I mentioned before a list of books about translators and interpreters, which also included this novel, but I only got to read it a couple of days ago and, since then, I can’t stop thinking about it.
In just a few words, Aalyia, the protagonist, is an old woman who reminisces her life going back and forth between the Beirut of the ’50s and of the war with Israel, and the westernized Beirut of recent years, while taking us into a journey through world literature. For fifty years, she has translated one book a year, based on a system she designed herself, but without ever intending to publish her work. Her love for books and her passion and dedication for translation make her one of the most beloved and admirable literary characters I’ve known so far.
Here is what she says about translation (and I just had to have this quote here!):
I made translation my master and my days were no longer alarmingly dreadful. My projects distract me. I work and the days pass.
But then I wonder if that’s the emphatic truth. I have to consider that I do what I do because it makes me happy sometimes. I don’t suffer from anhedonia, after all; I am able to experience pleasure. I read a poem about happiness by Edward Hirsch that ends with these lines:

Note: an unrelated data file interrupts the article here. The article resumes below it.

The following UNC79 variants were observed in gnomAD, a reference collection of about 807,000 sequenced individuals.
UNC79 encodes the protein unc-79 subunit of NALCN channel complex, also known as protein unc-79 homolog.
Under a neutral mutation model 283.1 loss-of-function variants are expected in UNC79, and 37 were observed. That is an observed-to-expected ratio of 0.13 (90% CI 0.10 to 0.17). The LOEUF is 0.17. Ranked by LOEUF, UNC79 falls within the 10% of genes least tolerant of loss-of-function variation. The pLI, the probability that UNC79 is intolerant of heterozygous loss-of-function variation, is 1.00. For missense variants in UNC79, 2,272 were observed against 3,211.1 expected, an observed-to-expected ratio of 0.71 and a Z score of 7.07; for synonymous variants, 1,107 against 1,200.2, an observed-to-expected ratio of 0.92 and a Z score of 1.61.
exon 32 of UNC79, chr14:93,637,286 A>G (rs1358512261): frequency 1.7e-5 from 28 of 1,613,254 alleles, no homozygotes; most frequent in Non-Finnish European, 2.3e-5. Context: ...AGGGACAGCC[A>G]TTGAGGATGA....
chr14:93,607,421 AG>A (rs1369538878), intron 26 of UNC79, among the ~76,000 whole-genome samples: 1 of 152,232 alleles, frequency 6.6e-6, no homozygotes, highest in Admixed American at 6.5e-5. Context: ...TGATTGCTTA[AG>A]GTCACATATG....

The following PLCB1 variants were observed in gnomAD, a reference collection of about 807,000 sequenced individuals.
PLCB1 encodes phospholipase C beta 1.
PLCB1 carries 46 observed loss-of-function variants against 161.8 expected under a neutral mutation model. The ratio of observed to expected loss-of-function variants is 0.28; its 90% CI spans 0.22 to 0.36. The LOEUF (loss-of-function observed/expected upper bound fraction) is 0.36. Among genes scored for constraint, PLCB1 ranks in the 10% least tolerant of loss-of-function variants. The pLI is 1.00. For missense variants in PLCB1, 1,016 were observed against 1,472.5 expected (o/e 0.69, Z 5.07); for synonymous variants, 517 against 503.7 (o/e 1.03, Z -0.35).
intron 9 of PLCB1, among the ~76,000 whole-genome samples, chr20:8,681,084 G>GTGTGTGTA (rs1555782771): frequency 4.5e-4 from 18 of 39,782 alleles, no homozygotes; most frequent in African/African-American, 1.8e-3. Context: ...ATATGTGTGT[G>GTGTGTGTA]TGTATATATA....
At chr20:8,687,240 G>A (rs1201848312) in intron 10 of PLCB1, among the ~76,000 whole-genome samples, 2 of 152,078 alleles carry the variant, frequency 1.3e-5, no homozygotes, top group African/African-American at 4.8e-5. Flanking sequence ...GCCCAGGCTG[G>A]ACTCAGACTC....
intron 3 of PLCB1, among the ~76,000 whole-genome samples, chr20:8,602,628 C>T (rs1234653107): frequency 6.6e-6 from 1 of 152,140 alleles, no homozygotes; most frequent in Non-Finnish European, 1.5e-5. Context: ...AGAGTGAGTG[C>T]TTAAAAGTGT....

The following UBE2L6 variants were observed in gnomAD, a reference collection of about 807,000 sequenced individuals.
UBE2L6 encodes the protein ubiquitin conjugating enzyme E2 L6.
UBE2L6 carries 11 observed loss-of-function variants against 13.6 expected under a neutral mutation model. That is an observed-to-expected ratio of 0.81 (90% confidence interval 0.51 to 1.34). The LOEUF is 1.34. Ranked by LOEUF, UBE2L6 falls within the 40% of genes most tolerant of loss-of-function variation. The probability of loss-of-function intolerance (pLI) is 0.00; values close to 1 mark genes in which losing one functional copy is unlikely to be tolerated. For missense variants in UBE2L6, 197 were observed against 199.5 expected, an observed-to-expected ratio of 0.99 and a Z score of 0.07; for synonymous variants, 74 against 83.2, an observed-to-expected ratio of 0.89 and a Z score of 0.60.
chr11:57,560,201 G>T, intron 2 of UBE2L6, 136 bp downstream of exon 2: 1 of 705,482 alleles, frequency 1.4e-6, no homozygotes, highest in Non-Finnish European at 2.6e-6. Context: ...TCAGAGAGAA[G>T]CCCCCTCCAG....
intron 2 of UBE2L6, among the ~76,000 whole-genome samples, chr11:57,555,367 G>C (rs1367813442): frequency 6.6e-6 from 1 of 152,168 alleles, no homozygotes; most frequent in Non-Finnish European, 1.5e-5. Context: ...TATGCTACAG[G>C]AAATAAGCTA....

My head is like skylight.
My heart is like dawn.
I think that at times, not all times, when I’m translating, my head is like skylight. Through no effort of my own, I’m visited by bliss. It isn’t often, yet I can be happy when I commune with translation, my master. Sometimes I think that’s enough, a few moments of ecstasy in a life of Beckett dullness. Peaks cannot exist without valleys. My translating is a Wagner opera. The narrative sets up, the tension builds, the music ebbs and flows, the strings, the horns, more tension, and suddenly a moment of pure pleasure. Gabriel blows his golden trumpet, ambrosial fragrance fills the air sublime, and gods descend from Olympus to dance—most heavenly this peak of ecstasy.
During these moments, I am no longer my usual self, yet I am wholeheartedly myself, body and spirit. During these moments, I am healed of all wounds.
I’ll be sitting at my desk and suddenly I don’t wish my life to be any different. I am where I need to be. My heart distends with delight. I feel sacred.
So, if you are (literary) translators and, as it so often happens, you struggle with words and meanings and sounds, and sometimes even with material hardships, just read these lines and remember this is what makes you HAPPY.
If you are just readers in love with books, remember to appreciate the people behind them, the people who bring you literary jewels from all over the world, the people who make it possible for you to read books created in other langues, the TRANSLATORS.
And, if you have the chance, read An Unnecessary Woman, it’s a wonderful novel and a magnificent journey!